He says that it makes people more emotionally and physically invested in the success of the project. “By putting genuine democratic control in the hands of the local people, it is more likely to survive on the long term.”

Cosmic Slop in Leeds has gone further than others by launching their record label and having the facilities to make records. They are able to operate their cottage industry from the same space, which means they don’t need outside support.

Will Addy says, “We are in a good position with our studio and screen-printing equipment.” Will Addy says, “We’re in a great position with our recording studio and we have screen-printing facilities too.”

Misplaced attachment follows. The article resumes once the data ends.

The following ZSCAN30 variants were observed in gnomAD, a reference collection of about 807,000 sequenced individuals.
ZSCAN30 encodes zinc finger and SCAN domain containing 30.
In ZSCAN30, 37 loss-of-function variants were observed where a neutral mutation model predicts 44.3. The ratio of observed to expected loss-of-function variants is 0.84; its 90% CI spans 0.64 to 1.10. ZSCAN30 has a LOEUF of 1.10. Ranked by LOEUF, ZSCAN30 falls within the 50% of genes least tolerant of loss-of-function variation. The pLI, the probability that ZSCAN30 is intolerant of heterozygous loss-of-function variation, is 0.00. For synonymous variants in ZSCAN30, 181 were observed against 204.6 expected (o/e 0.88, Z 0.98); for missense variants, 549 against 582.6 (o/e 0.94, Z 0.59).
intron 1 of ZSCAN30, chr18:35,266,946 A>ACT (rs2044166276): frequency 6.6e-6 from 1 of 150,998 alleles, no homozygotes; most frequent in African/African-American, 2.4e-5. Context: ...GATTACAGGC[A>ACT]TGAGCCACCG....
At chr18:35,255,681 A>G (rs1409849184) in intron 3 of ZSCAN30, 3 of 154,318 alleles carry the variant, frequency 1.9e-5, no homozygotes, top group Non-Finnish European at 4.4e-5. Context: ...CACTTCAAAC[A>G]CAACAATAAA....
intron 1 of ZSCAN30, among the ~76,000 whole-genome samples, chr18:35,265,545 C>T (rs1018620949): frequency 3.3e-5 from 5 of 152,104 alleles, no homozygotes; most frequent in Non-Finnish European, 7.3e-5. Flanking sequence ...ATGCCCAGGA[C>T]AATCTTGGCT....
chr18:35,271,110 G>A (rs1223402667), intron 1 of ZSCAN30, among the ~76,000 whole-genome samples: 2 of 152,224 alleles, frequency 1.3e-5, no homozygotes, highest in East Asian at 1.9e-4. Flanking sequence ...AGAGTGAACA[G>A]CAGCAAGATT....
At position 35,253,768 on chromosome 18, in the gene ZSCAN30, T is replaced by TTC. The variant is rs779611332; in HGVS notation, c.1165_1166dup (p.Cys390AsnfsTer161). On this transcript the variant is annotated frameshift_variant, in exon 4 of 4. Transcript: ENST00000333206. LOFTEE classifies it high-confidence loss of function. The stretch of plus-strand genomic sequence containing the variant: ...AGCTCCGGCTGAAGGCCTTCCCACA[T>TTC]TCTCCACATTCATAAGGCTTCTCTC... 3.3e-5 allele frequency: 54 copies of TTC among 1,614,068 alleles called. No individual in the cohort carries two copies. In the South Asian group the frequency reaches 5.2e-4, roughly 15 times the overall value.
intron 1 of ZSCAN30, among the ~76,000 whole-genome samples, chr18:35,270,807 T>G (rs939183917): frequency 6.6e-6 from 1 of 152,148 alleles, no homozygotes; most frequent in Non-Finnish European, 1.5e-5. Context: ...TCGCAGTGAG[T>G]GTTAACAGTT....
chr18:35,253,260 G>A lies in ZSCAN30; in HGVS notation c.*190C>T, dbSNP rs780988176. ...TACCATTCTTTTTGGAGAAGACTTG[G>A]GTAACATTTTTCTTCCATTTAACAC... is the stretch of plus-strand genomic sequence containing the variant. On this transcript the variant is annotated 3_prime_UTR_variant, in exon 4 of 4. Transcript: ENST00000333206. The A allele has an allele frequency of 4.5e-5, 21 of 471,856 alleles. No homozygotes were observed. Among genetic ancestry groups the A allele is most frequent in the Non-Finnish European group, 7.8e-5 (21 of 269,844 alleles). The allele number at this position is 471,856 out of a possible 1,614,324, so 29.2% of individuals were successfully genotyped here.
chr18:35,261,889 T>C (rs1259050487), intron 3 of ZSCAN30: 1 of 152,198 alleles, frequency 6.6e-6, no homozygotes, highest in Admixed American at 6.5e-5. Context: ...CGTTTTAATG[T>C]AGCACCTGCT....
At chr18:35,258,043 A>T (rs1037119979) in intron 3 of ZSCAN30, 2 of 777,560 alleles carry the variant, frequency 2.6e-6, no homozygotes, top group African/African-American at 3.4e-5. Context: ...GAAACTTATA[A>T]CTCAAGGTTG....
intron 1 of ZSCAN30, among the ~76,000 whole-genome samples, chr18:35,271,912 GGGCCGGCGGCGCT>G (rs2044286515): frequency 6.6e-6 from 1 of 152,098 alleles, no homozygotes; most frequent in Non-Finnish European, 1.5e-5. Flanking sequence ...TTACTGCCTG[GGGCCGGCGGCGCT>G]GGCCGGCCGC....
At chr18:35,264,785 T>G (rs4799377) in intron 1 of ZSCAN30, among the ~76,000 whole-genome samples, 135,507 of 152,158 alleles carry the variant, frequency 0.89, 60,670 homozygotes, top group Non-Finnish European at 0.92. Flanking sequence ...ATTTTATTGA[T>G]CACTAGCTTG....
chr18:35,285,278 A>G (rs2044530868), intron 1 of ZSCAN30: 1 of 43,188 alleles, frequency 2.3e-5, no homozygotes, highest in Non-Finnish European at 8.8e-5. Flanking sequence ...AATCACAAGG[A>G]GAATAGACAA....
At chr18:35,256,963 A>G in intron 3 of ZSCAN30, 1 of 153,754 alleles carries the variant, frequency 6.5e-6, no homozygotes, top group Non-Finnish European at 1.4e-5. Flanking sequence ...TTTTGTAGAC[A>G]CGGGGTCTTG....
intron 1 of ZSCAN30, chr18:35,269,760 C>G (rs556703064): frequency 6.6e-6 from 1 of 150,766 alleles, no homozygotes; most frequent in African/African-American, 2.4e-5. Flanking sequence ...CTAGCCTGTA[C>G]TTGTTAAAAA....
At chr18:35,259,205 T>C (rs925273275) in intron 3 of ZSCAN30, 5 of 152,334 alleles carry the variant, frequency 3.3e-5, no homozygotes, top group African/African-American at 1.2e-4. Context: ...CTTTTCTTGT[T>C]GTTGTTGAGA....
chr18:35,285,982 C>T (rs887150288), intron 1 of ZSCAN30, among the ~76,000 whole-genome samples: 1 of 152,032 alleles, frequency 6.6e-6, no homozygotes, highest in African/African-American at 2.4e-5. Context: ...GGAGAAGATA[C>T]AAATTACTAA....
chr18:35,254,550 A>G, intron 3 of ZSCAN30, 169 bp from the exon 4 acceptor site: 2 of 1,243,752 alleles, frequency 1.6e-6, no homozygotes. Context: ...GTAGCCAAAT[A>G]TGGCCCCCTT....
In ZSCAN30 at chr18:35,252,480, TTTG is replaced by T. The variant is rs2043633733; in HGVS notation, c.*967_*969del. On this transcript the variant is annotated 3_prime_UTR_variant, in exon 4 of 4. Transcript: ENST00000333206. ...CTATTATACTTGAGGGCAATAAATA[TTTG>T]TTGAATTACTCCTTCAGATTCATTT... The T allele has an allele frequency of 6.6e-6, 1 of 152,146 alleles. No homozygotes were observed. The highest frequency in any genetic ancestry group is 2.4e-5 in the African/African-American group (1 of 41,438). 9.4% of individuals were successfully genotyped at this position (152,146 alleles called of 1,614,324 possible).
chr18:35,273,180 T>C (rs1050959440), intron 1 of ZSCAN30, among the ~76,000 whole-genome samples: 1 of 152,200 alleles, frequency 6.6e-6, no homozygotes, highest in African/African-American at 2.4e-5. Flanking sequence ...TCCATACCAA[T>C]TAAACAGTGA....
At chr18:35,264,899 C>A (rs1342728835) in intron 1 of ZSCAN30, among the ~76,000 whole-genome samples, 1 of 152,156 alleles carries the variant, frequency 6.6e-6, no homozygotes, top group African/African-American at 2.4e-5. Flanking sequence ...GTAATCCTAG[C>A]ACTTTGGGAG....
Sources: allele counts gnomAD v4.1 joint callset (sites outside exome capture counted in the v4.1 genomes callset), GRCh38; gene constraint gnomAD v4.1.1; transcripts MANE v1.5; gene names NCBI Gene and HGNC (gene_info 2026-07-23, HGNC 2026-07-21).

Save our Scene: Three more venues doing things differently


Future Yard, Birkenhead

Future Yard is an outdoor live music venue located in Birkenhead. It offers training to young people as part of its events programme through its Sound Check program, with the aim of pursuing careers in live entertainment. It also supports local musicians through its Propeller program, which nurtures the skills needed to thrive in music industry.


Image of Robin Clewley


Friends of the Joiners Arms London

This award-winning group was founded in 2014 in order to fight the closure of the Joiners Arms pub in Hackney Road, east London. Members are currently working on opening London’s first LGBTQI+ community-run space.


Image: Queer Garden


Gut Level, Sheffield

Gut Level is a non-profit community space, and music collective that aims to create social and creative opportunities in Sheffield for underrepresented groups, with an emphasis on LGBTQ+ people.

Image: Gut Level Sheffield


Main Image: Jody Hartley

Velocity Press has just released The new edition of Jim Ottewill’s book, How UK Cities Shaped Rave Culture.